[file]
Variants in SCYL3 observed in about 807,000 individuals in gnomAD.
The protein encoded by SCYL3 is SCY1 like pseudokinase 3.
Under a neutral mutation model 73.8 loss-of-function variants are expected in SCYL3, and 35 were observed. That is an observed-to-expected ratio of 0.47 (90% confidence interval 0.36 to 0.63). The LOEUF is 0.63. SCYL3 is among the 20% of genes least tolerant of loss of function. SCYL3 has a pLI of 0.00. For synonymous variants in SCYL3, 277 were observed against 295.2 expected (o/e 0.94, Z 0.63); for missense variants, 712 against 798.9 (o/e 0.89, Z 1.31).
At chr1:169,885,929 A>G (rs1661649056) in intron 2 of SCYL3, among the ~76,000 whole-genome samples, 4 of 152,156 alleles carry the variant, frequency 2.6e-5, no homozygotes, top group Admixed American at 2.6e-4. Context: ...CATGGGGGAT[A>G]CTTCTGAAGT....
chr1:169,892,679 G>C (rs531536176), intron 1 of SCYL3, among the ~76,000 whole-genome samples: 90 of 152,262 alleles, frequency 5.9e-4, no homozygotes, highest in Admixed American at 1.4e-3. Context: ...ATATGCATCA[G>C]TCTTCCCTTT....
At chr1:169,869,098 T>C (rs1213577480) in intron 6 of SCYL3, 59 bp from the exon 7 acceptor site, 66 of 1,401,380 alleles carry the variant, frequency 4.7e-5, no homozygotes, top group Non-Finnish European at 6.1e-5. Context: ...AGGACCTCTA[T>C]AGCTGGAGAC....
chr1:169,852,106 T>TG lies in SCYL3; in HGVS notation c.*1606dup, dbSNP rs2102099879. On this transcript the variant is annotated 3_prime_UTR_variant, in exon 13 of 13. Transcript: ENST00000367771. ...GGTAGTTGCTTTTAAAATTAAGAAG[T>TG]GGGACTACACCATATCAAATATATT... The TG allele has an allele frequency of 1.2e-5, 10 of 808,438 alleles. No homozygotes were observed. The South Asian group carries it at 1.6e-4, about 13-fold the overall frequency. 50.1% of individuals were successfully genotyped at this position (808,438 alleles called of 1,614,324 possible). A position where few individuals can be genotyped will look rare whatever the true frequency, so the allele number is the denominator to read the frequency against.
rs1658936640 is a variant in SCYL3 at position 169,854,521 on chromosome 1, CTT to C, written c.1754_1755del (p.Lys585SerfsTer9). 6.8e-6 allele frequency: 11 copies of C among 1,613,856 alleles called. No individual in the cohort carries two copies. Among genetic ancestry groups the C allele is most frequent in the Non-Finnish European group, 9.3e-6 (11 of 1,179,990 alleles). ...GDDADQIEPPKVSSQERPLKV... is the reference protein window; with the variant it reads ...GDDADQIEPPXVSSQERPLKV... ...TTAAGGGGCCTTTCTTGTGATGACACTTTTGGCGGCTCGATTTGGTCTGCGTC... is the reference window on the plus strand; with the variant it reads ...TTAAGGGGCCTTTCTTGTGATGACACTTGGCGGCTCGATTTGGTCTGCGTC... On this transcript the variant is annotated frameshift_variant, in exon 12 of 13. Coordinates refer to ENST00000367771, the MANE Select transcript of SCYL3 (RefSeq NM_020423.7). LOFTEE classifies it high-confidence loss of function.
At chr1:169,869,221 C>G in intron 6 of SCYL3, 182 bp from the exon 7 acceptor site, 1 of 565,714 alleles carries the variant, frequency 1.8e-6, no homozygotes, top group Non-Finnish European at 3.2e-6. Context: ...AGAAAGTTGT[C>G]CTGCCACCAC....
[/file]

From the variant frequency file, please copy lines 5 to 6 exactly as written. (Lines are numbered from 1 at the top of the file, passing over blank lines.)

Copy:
chr1:169,892,679 G>C (rs531536176), intron 1 of SCYL3, among the ~76,000 whole-genome samples: 90 of 152,262 alleles, frequency 5.9e-4, no homozygotes, highest in Admixed American at 1.4e-3. Context: ...ATATGCATCA[G>C]TCTTCCCTTT....
At chr1:169,869,098 T>C (rs1213577480) in intron 6 of SCYL3, 59 bp from the exon 7 acceptor site, 66 of 1,401,380 alleles carry the variant, frequency 4.7e-5, no homozygotes, top group Non-Finnish European at 6.1e-5. Context: ...AGGACCTCTA[T>C]AGCTGGAGAC....